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According to a report published by Transparency Market Research, the market for Data Protection as a Service (DPaaS) is expected to reach $46 billion by 2024. What is DPaaS, and how does it compare to the well-established backup and DR markets? Are they the same?
Let’s start with a broader picture. There are three basic levels of data protection: Offsite backup, disaster recovery, and data protection as a service. Offsite backup traditionally means taking drives and storing them somewhere else, such as your own data center, a third-party data center, or a place like Iron Mountain. Disaster recovery means replicating your production infrastructure to a second site that’s far enough away so it’s unaffected by disasters such as weather, human error, or technology failures, and then failing over to that site if your production goes down for any reason. You choose the time frame you need (RTO) to fail over to and still maintain business continuity. If you use Disaster Recovery as a Service (DRaaS), the power of the cloud is used to spin up your recovery site more quickly than restoring to cold hardware.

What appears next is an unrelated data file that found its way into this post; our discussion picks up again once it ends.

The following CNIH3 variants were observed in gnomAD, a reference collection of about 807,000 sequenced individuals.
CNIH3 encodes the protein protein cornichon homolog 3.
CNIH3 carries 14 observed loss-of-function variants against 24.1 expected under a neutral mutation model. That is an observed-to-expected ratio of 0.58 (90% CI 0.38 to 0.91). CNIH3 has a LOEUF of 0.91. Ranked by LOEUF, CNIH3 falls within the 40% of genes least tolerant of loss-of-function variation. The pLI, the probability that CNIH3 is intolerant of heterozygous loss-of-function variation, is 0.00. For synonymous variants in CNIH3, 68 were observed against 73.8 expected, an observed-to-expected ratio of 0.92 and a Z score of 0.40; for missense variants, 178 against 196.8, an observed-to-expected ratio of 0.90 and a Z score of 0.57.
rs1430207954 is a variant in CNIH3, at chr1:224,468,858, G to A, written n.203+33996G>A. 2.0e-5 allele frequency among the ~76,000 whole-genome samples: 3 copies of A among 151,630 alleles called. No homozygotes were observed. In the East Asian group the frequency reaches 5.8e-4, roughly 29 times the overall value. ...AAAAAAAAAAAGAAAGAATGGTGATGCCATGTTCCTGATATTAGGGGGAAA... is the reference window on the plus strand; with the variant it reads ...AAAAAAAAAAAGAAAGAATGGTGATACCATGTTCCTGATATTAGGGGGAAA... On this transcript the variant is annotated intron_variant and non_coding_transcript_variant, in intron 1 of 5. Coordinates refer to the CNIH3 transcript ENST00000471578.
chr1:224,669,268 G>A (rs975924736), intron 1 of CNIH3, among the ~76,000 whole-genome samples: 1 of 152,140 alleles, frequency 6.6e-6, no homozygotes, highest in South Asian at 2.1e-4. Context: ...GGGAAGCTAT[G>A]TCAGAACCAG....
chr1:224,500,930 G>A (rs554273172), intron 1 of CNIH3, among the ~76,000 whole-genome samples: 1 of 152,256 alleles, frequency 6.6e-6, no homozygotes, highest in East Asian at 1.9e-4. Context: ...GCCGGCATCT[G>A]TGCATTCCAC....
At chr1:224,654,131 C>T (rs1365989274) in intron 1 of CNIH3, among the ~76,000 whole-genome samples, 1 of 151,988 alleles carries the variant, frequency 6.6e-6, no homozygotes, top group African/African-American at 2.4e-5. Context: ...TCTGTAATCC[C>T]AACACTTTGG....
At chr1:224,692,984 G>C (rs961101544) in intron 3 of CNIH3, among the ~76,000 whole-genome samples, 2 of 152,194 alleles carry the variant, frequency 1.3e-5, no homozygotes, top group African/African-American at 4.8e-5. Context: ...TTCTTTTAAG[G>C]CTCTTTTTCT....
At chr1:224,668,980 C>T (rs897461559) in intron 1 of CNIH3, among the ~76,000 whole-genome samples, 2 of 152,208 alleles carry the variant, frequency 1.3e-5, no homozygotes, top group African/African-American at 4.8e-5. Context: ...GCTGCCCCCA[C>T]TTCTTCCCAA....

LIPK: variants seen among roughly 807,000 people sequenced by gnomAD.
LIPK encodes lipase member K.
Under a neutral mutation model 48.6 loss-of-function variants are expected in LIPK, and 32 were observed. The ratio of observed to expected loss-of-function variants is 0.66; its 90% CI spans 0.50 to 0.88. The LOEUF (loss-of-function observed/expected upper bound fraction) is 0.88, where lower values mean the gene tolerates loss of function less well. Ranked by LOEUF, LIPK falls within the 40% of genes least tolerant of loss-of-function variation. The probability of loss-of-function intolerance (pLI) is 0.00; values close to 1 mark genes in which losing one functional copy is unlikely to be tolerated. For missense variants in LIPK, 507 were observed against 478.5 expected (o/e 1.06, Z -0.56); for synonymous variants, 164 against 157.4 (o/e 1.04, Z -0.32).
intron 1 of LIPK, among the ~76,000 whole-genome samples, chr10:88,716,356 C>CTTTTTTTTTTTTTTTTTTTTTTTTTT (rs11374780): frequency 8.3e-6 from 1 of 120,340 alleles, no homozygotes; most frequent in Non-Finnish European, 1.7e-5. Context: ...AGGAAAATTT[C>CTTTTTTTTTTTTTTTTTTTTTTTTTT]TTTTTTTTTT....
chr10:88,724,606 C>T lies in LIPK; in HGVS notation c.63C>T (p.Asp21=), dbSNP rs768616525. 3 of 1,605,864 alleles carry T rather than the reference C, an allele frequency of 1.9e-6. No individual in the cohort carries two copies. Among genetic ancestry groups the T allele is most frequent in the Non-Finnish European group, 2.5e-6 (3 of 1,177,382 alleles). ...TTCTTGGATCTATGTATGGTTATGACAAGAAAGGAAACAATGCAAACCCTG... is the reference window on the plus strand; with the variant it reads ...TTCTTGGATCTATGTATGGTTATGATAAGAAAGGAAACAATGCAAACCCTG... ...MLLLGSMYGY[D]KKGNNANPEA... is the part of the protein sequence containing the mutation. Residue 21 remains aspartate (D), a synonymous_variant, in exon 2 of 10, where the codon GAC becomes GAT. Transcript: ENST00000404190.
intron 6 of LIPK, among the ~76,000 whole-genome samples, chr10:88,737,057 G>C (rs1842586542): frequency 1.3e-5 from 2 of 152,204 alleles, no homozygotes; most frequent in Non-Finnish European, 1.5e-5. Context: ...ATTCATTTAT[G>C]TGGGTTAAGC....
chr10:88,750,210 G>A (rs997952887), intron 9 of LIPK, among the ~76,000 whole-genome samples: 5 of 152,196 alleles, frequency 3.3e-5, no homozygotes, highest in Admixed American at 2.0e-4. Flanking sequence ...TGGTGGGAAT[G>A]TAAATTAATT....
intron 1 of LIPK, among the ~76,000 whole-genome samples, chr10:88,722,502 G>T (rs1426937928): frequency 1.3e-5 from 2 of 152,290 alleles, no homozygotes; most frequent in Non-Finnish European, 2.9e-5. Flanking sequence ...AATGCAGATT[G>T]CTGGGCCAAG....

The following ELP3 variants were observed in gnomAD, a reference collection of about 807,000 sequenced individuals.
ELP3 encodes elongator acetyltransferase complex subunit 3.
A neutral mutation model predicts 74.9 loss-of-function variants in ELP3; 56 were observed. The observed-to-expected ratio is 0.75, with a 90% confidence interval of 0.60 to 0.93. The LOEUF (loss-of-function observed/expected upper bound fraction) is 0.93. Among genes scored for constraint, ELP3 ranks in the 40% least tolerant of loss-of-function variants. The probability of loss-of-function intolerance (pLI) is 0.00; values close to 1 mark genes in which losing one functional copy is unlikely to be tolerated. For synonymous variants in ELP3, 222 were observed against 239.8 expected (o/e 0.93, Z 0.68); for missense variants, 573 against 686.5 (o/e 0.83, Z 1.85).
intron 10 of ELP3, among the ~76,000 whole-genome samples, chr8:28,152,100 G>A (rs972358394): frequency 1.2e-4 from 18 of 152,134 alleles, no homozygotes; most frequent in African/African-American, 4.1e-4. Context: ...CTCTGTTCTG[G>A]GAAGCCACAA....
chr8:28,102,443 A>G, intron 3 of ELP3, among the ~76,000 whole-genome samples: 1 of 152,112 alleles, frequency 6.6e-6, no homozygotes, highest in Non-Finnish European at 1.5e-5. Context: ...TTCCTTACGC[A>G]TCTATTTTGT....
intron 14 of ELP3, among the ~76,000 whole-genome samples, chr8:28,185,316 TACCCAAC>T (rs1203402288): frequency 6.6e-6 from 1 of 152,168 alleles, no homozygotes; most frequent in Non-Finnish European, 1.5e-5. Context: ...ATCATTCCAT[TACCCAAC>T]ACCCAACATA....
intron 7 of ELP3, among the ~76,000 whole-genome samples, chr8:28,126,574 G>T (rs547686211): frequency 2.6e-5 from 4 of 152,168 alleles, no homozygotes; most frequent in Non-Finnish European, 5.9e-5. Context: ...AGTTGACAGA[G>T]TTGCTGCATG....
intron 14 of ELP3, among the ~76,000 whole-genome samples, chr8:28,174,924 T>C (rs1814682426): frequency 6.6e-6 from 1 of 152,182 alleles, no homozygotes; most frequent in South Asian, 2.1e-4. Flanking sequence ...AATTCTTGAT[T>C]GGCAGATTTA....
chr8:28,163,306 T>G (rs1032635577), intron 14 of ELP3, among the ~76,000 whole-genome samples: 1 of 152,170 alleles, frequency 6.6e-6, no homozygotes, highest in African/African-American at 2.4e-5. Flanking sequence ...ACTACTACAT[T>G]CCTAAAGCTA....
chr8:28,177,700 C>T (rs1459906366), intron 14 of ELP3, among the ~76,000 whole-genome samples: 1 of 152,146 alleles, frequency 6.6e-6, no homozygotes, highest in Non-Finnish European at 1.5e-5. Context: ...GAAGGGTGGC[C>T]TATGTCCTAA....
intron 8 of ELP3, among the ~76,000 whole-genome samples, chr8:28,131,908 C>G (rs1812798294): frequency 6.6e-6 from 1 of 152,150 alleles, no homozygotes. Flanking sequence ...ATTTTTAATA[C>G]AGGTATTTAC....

DPaaS is different. It specifically protects the data within your application(s), at the application and database layers. For example, if you make a mistake in your database or need to recover an earlier version of a file, DPaaS allows you to restore only that information more quickly than traditional backup methods. This is important, because if you don’t have the ability to restore data loss, there’s little point from a business perspective in bringing up your infrastructure from recovery.
Essentially, DPaaS restores data more quickly than tapes or offsite backup. You can specify more minute recovery periods (every hour, instead of every day for offsite), and have more granular control as a result. For example, you might regularly back up your email, database and web servers offsite every day, but only have DPaaS for your database. If something happened to those specific servers, you might be able to afford restoring data that’s 2-3 days old for your email and web servers, but you need data that’s refreshed more frequently for your database. A data protection as a service solution can solve that problem.
DPaaS and DRaaS are two separate entities that both help maintain business continuity, in different ways. DPaaS protects the data that lives on the systems, and DRaaS helps protect your infrastructure as well as your data. Combining disaster recovery with data protection is a good way to maintain a strong business continuity plan.
If you’re interested in exploring DPaaS for your business, we can help! We offer a complete suite of DPaaS products and can help you with database restores, long-term data archiving, and more. Contact us to get started.